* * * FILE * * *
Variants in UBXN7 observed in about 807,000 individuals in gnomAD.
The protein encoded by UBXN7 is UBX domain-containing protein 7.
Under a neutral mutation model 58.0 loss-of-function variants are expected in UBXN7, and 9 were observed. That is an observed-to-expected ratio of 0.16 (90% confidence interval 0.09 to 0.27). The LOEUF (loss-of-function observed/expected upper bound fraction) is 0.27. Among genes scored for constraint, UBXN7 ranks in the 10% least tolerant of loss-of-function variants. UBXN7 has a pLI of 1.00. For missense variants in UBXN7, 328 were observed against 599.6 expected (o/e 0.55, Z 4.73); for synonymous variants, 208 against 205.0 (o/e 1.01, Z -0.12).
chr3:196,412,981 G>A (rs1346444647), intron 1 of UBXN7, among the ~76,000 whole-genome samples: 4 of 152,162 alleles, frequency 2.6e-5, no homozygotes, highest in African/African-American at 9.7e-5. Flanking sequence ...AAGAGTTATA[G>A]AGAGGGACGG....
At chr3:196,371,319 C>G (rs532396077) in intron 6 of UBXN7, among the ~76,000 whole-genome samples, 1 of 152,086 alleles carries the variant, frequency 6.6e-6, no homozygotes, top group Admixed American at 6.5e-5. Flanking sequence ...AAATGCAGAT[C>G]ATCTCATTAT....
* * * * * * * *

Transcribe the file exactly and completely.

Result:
Variants in UBXN7 observed in about 807,000 individuals in gnomAD.
The protein encoded by UBXN7 is UBX domain-containing protein 7.
Under a neutral mutation model 58.0 loss-of-function variants are expected in UBXN7, and 9 were observed. That is an observed-to-expected ratio of 0.16 (90% confidence interval 0.09 to 0.27). The LOEUF (loss-of-function observed/expected upper bound fraction) is 0.27. Among genes scored for constraint, UBXN7 ranks in the 10% least tolerant of loss-of-function variants. UBXN7 has a pLI of 1.00. For missense variants in UBXN7, 328 were observed against 599.6 expected (o/e 0.55, Z 4.73); for synonymous variants, 208 against 205.0 (o/e 1.01, Z -0.12).
chr3:196,412,981 G>A (rs1346444647), intron 1 of UBXN7, among the ~76,000 whole-genome samples: 4 of 152,162 alleles, frequency 2.6e-5, no homozygotes, highest in African/African-American at 9.7e-5. Flanking sequence ...AAGAGTTATA[G>A]AGAGGGACGG....
At chr3:196,371,319 C>G (rs532396077) in intron 6 of UBXN7, among the ~76,000 whole-genome samples, 1 of 152,086 alleles carries the variant, frequency 6.6e-6, no homozygotes, top group Admixed American at 6.5e-5. Flanking sequence ...AAATGCAGAT[C>G]ATCTCATTAT....